To test if there is synchronisation between the bird and the beat, two things have to be analysed. First, you check that the period of the bird matches that of the beats, or in other words, that they have the same tempo. Second, you check if the two also align in phase – that the bird pecks at the onsets of the sounds, not after or before. Especially you’ll need to test that the bird is engaged in prediction, not just a reaction task. If the bird is just reacting, but does so with a constant reaction time, it will have a matching period. To demonstrate predictive action, the phase error would need to differ from the expected reaction time and be either aligned with the onset of the stimuli or preceding it slightly. Some researchers would also require that the birds should show consistency of this synchronisation over a longer time, and that if you’d introduce tempo changes or other perturbations in your beats, they should adapt and follow the beat regardless.
The short segments of beats the Japanese researchers used only allow the first two of these analyses, checking for tempo matching and whether the birds predict the beats or react to them. The results of the statistical tests to check for tempo matching were clear, indicating that the tempo in which the budgies pecked the wall was in fact connected to the tempo of the stimulus. When looking at the phase-locking, the picture gets more unclear. In the fastest tempo, none of the birds in none of the trials was found to be predicting the beat. With slower tempi, more and more examples of prediction were found, in the slow tempi of 50, 40 and 33 BPM, about a quarter of the trials had evidence of prediction.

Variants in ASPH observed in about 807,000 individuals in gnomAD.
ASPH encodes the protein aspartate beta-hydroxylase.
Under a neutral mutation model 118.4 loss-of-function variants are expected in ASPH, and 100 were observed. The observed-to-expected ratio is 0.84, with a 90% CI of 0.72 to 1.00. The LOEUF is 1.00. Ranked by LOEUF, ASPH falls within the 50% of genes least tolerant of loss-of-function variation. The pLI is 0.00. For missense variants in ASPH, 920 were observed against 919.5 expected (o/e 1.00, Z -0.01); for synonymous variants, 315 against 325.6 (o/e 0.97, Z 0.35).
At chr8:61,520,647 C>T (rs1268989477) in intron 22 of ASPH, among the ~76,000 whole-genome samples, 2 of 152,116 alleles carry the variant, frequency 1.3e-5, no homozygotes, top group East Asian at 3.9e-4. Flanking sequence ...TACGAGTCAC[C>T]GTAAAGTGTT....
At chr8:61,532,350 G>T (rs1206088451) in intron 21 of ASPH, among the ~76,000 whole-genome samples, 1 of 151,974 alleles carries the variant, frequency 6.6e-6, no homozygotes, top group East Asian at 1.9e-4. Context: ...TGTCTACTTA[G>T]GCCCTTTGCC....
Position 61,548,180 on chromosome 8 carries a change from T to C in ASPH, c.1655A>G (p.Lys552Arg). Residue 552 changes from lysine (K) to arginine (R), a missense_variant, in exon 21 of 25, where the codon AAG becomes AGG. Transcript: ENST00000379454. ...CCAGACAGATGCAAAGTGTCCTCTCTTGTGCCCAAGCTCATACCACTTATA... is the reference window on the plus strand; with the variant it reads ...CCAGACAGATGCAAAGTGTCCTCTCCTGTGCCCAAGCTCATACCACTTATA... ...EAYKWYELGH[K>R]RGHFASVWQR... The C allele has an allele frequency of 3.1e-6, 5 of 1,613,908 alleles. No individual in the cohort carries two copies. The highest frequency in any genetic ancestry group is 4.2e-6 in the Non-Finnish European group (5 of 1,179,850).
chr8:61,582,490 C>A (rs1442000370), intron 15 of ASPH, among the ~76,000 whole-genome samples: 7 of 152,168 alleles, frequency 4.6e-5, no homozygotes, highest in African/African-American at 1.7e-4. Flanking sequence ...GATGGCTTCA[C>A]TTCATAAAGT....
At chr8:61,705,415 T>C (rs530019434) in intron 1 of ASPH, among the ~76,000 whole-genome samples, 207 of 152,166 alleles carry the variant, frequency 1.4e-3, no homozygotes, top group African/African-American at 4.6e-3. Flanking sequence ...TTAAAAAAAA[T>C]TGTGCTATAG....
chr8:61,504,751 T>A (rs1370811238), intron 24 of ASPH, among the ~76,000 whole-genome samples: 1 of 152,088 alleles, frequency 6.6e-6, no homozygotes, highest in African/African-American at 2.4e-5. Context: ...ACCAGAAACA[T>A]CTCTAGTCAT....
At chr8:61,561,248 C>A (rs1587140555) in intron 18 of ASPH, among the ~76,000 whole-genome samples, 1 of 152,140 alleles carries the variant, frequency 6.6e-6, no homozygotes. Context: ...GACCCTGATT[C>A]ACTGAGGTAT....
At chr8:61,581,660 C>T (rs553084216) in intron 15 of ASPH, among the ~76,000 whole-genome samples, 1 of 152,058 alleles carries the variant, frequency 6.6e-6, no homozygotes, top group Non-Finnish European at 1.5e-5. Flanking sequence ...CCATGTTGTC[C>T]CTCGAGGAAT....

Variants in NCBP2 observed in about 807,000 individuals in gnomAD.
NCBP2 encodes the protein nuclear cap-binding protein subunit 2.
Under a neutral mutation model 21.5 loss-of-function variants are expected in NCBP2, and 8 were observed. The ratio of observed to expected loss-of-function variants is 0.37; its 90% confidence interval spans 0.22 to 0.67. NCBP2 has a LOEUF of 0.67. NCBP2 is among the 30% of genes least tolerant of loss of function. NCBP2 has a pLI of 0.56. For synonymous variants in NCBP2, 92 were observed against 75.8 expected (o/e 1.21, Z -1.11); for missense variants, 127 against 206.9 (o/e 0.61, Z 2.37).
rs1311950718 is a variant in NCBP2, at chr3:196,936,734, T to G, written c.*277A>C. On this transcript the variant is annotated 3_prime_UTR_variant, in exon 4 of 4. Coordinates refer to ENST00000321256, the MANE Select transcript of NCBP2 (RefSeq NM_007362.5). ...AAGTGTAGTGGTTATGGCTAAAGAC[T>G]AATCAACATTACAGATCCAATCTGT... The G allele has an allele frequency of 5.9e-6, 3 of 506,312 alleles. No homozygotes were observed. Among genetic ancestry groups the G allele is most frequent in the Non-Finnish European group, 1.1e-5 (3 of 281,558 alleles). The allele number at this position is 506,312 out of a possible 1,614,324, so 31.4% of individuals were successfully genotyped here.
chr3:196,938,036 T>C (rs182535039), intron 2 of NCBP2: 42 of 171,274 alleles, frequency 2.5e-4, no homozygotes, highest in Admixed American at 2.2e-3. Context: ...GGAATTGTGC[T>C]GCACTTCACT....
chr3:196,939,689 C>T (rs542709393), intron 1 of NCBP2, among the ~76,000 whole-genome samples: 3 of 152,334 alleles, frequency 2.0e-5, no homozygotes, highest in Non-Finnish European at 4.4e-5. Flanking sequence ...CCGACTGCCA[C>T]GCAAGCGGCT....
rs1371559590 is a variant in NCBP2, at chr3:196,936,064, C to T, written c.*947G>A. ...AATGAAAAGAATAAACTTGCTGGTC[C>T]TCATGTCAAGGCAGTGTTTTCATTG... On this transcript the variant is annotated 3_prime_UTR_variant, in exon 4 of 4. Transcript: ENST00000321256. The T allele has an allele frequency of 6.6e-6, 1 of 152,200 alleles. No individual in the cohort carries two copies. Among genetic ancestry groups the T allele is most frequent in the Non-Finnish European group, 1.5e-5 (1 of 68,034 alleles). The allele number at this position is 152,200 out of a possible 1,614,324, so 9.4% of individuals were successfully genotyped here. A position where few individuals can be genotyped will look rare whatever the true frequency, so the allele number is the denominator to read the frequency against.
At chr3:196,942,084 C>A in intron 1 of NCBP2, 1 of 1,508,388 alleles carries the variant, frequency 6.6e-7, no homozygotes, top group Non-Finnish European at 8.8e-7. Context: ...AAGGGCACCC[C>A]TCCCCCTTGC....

Is this a good result? Depends on what you compare it to. Humans, especially if rewarded with seeds, would probably be in a predictive mode in nearly 100% of the trials, a few trials would be botched due to lapses in concentration (or when your nose starts to hurt while pecking the wall of your cage), but otherwise we know that prediction is the way we do these tasks. We aren’t a fair comparison, though, and the point is not to show if animals are as good as us in predictive timing, but whether they do it at all. To this end, the researchers simulated some of the other ways in which the birds could have produced steady six-peck patterns that are tempo-matched with the metronome beats. Then they compared the birds’ performances to these simulations. In all cases the birds outperformed the simulations, suggesting that it is more likely that their patterns are produced at least to some degree by a beat-tracking mechanism and not just one that is constant or quick to react to sounds.
The researchers have been very thorough with their statistics. Their evidence looks solid and does indeed suggest that these birds can follow the tempi of the stimulus, for short bursts at a time, at least. Also it suggests that at least some of them might be able to track the beats and predict them at least some of the time. Not as solidly as humans would, but to a degree that has not been demonstrated in many non-human animals before.
This is cool not only because it is sort of “black swan” -kind of data, busting a myth about humans being the only animals able to do this, but also because there’s a cool theory about why the birds might be able to do this. Budgies are a vocal-learning species (alongside some other birds, seals, cetaceans, perhaps also bats and elephants), meaning that they can modify their vocalisations based on environmental sounds – human language and vocal music can be seen as extreme versions of this kind of behaviour. Studying these animals and their behaviour, neural anatomy etc. could help in understanding also how human language works.
These results are interesting in that this beat-following behaviour is mimicking what humans are able to do and thus theories linking the vocal learning ability to beat following get now more fuel.
Hasegawa A, Okanoya K, Hasegawa T, & Seki Y (2011). Rhythmic synchronization tapping to an audio-visual metronome in budgerigars. Scientific reports, 1 PMID: 22355637